Why autonomy and control are key to solving the staffing crisis

Jim Thomas, 17 March 2022

‘The trouble is that every time a new supermarket opens, we lose lots of our workforce.’

Working at a checkout at the local supermarket must be better than working in social care is a refrain I have often heard. Yet is it always the case that supermarket working must be easier or more rewarding than working in social care? Or is the only thing that drives movement between the two sectors levels of pay? 

In conversations with housing and social care colleagues about how we can improve the ways in which we find (recruit) and keep (retain) our workers, I have begun to wonder about the image of social care. We need to understand where our unique value lies and what we need to highlight about working in the sector so we change change people’s perceptions.

The Resolution Foundation’s 2021 publication ‘Work experiences’ explores what we mean by quality of work and how work has changed over time. For low paid workers, one of the things that stands out is how many of them feel that they have much less control and autonomy over their work than they did in the past.

The nature of work in a supermarket, or a warehouse, is often very prescriptive and this leaves employees without much autonomy or control over any aspect of their work. Autonomy and control are one of the motivating things about their job that social care can offer people.

In terms of finding new people to join social care, there are two groups I think we need to focus on: young people and people retiring early.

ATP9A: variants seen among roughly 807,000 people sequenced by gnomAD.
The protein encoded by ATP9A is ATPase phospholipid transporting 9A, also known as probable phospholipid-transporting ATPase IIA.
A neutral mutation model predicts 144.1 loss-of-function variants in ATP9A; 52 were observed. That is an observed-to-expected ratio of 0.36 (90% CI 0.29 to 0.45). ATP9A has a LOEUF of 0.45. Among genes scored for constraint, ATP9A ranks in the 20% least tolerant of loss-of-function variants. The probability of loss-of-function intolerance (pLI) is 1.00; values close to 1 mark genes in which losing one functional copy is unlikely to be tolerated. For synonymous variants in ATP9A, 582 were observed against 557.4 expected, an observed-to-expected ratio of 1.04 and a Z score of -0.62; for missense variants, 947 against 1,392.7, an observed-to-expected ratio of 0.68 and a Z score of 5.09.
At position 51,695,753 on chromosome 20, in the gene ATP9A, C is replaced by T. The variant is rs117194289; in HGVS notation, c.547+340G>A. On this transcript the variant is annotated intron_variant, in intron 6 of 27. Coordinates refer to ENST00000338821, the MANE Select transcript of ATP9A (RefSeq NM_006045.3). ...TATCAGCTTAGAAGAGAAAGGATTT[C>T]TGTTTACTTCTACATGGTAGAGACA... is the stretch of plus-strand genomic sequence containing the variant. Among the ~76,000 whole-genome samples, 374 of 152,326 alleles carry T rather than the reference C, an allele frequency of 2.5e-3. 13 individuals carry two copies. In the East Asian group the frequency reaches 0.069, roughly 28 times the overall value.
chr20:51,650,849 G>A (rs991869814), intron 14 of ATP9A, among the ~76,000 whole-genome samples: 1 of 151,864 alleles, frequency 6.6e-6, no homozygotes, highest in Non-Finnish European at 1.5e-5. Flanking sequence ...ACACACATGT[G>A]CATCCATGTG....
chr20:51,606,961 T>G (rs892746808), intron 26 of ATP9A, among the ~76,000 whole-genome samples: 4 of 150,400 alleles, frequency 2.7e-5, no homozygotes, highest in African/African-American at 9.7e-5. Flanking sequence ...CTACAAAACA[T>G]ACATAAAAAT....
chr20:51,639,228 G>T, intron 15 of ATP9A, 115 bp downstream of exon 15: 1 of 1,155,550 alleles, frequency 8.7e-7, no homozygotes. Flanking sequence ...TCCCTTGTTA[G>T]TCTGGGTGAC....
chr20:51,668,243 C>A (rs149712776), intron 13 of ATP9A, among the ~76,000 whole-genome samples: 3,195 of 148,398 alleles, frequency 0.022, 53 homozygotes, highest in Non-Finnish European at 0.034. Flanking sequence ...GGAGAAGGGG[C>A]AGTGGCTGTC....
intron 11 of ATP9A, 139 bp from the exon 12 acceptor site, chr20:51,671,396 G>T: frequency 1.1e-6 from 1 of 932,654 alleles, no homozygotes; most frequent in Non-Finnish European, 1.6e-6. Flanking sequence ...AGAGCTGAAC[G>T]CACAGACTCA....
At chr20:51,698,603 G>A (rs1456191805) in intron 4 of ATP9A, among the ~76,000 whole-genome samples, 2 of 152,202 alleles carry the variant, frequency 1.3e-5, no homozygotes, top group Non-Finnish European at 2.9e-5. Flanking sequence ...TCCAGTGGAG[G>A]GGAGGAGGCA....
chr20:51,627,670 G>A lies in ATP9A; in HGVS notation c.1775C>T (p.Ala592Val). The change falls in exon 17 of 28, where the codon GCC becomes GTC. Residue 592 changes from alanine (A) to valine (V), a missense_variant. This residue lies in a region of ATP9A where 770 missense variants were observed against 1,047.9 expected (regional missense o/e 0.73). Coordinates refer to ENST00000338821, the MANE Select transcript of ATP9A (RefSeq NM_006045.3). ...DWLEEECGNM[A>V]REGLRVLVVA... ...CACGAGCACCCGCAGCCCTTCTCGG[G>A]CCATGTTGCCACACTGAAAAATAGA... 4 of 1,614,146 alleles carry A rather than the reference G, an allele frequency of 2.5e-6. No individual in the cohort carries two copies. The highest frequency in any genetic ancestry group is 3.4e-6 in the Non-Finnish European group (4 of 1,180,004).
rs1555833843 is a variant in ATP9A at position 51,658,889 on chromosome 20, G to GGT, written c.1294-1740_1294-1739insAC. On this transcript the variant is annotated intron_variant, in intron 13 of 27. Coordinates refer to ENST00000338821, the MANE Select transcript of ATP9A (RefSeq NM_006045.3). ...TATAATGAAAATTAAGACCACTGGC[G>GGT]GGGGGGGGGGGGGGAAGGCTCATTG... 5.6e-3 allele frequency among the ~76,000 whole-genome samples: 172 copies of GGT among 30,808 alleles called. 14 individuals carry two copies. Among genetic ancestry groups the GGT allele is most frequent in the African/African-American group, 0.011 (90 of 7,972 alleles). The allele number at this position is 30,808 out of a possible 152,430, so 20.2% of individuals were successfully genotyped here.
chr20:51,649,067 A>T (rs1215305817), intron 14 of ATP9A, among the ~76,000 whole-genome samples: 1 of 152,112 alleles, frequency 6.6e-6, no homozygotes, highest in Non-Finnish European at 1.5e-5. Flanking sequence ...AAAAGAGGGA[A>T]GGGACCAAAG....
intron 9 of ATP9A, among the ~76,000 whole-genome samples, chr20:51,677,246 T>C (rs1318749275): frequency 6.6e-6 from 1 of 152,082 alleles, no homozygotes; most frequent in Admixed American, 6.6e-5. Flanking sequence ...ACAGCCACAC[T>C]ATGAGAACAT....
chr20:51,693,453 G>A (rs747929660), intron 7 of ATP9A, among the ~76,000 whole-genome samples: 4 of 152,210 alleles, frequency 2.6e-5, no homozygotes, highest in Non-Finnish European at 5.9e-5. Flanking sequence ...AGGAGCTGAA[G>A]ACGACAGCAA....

Before the pandemic my colleagues did a piece of research exploring young people’s perceptions of social care. What came back shocked me. ‘It’s dangerous’, ‘no one respects you’, ‘you might die’, were common refrains. This is a false narrative we urgently need to reframe. 

What if we attracted young people to social care by highlighting the autonomy and control on offer? Do you want a job where you can have control over what you are doing, or do you want to work in a place where every part of your day is closely managed?

With health colleagues looking to retire early, this made me wonder what this group of ‘youngish’ older workers with relevant skills might do next?

Coming back to the theme of autonomy and control - are we able to get more of these ‘young retirees’ to see social care as a place where they can use their existing knowledge and skills more creatively and again have more say over their working lives?

We need to make autonomy and control in your work one of the key elements that make social care an attractive place to be. But do we make enough of this in how we sell social care to a diverse spectrum of workers?

In the longer term, I’d like us to see is work towards a new refrain – this time from the supermarkets:

‘The trouble is that every time a new social care service opens, we lose lots of our workforce because they can offer them autonomy and control.’